Last July, a new report called Renegotiating Faith (RF) was launched from a research partnership between Power 2 Change, InterVarsity, Youth for Christ, Truth Matters Ministries, and The Evangelical Fellowship of Canada. Renegotiating Faith looks at the transition from high school to the next stage in life for Canadians age 18 to 28 who had a Christian religious affiliation as a teen and who attended religious services at least monthly at some point during their teen years. Some key findings emerged.

While these findings are not causal, they do acknowledge some key correlations between these factors and the continued ownership of faith in young adults. Here are some initial notable quotes from the executive summary. (A future blog post will highlight more notables.)


RF identified 3 assumptions which proved to be false.

The first assumption was that there was a crisp transition and if we could just help young adults across this line they’d be able to take it from there – this is usually not the case. The second assumption was that young adults approached this post-high school transition with a faith they considered their own, we simply needed to help them tend it – most, though, do not yet have a firmly established, fully owned faith. The third assumption was that the transition from high school to post-high school was the same as the transition from being a teenager to being an adult. For most young adults, there is an intervening period commonly called emerging adulthood between the teen years and adulthood (p.15).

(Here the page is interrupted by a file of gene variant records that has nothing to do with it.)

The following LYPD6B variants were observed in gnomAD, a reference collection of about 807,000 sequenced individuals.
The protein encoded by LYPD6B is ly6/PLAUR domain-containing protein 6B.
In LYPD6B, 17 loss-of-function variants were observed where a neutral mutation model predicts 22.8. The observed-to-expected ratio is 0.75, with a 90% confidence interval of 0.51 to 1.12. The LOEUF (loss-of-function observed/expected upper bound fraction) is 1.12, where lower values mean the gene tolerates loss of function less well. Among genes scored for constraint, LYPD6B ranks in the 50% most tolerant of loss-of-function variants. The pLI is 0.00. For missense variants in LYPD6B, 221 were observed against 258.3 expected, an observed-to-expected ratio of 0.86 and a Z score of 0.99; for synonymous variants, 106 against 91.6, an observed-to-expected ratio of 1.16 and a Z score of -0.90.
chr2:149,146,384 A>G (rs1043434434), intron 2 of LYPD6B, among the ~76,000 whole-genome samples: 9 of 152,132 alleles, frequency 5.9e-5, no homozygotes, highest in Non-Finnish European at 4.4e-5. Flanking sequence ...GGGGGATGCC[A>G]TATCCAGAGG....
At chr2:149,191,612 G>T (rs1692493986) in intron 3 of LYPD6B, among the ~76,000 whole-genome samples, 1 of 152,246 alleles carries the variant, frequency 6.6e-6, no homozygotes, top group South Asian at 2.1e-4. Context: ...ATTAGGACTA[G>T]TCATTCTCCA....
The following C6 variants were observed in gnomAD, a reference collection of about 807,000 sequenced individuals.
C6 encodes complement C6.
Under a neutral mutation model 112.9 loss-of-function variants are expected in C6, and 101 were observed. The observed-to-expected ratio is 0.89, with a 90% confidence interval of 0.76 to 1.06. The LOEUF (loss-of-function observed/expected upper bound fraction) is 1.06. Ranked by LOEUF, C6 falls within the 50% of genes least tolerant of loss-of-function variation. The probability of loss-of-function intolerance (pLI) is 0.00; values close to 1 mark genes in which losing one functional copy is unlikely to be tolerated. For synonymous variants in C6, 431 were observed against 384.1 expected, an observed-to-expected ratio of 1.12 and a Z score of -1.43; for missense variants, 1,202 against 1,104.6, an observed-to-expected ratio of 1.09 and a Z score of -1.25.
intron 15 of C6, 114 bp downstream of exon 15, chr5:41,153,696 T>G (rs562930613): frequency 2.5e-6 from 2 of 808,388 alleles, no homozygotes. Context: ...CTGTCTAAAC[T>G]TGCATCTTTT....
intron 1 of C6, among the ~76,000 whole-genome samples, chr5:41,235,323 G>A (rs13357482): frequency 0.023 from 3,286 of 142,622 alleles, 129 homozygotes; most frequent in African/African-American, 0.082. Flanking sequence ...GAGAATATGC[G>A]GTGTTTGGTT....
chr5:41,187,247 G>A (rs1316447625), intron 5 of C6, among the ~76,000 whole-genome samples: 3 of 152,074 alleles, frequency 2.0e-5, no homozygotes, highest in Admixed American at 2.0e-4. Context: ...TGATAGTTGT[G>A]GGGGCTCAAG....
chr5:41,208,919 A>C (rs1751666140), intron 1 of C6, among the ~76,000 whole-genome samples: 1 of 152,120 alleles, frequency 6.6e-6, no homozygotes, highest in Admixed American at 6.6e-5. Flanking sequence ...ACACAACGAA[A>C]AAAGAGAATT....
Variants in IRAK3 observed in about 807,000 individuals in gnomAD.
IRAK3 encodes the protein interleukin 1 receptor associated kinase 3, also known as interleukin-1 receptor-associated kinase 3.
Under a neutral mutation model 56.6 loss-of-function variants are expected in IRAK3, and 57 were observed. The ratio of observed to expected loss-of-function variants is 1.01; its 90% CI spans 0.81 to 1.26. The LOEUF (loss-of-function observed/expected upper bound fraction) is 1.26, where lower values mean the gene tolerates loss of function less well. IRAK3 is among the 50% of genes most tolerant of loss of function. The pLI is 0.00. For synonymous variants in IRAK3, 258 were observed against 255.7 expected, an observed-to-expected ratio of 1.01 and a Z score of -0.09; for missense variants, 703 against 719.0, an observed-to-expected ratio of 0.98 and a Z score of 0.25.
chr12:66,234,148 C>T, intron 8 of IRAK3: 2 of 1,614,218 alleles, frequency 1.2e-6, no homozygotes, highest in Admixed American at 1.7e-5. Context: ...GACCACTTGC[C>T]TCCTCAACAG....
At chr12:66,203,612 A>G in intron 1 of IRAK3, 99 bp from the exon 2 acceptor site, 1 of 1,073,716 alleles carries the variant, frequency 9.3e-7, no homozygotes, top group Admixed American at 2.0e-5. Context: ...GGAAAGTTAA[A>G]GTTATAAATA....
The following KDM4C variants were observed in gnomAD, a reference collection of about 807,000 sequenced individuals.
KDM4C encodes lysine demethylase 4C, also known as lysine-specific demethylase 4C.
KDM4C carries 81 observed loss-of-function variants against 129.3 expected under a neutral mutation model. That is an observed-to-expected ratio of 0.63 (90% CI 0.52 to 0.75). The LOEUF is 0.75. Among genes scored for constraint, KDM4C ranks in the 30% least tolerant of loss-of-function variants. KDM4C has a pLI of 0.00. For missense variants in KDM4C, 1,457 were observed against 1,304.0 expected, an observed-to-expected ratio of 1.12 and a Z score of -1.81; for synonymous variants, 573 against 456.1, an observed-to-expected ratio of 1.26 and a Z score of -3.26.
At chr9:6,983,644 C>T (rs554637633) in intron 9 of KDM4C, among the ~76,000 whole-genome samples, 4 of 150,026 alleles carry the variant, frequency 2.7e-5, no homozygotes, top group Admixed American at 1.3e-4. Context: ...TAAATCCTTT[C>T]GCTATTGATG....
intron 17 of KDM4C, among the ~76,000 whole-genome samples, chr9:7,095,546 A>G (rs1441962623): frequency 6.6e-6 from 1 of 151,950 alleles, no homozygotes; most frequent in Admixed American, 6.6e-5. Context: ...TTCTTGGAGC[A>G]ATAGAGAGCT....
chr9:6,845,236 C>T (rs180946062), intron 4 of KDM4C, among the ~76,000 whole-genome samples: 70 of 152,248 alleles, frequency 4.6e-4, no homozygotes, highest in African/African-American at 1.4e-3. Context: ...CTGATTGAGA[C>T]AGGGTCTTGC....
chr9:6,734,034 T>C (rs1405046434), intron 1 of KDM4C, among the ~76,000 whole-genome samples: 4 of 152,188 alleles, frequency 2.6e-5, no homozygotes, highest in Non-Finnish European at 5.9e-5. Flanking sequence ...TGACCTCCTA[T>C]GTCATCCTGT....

(Which one jumped out the most to you?)


Young adults who had home church mentors were more than three times as likely to connect with new churches or parishes after moving out of their parents’ home and to connect with a Christian campus group after starting postsecondary studies… Mentors seem to have their most positive impact on religious persistence when they continue to walk with young adults into and through emerging adulthood (p.11).

As young adults are renegotiating their faith, mentors offer  opportunities for them to process their thoughts about faith and how to negotiate issues in faith. Mentors provide safe places to wrestle with faith and assist in discerning the Holy Spirit’s directives. They are also key in helping bridge young adults to their next chapter. Since they are given a high level of trust, it’s imperative for the mentor to help extend that trust to another person/community who can be part of that person’s next life chapter.


Young adults who had been involved with Christian camps either as teen campers or camp staff were roughly three times as likely to connect with a Christian campus group and at least twice as likely to connect with a new church or parish after having moved out (p.11).

Community is key to our sense of self and our faith. The bridges between these communities help young adults to track forward in their faith development. Helping to build that sense of belonging in the initial community is vital. However, that home church/community must also  be a part of extending that “sense” to their next community.


Young adults often find non-confrontational ways to exit the church: even when they reject their parents’ faith, they often find ambiguous ways to express their disagreement, so that parents can plausibly figure their children still share their beliefs (p.11).

Most people, especially in personal relationships, tend to avoid direct conflict. Young adults have shown that their exodus is neither abrupt nor explicit. Rather, for a variety of reasons, they slowly withdraw from the community and ultimately the faith.


So far, which one strikes you as most profound (or resonates with you)?

You can download the report at

PS – CBOQ’s “Transitions” booklet was cited in the report. See if you can find those citations.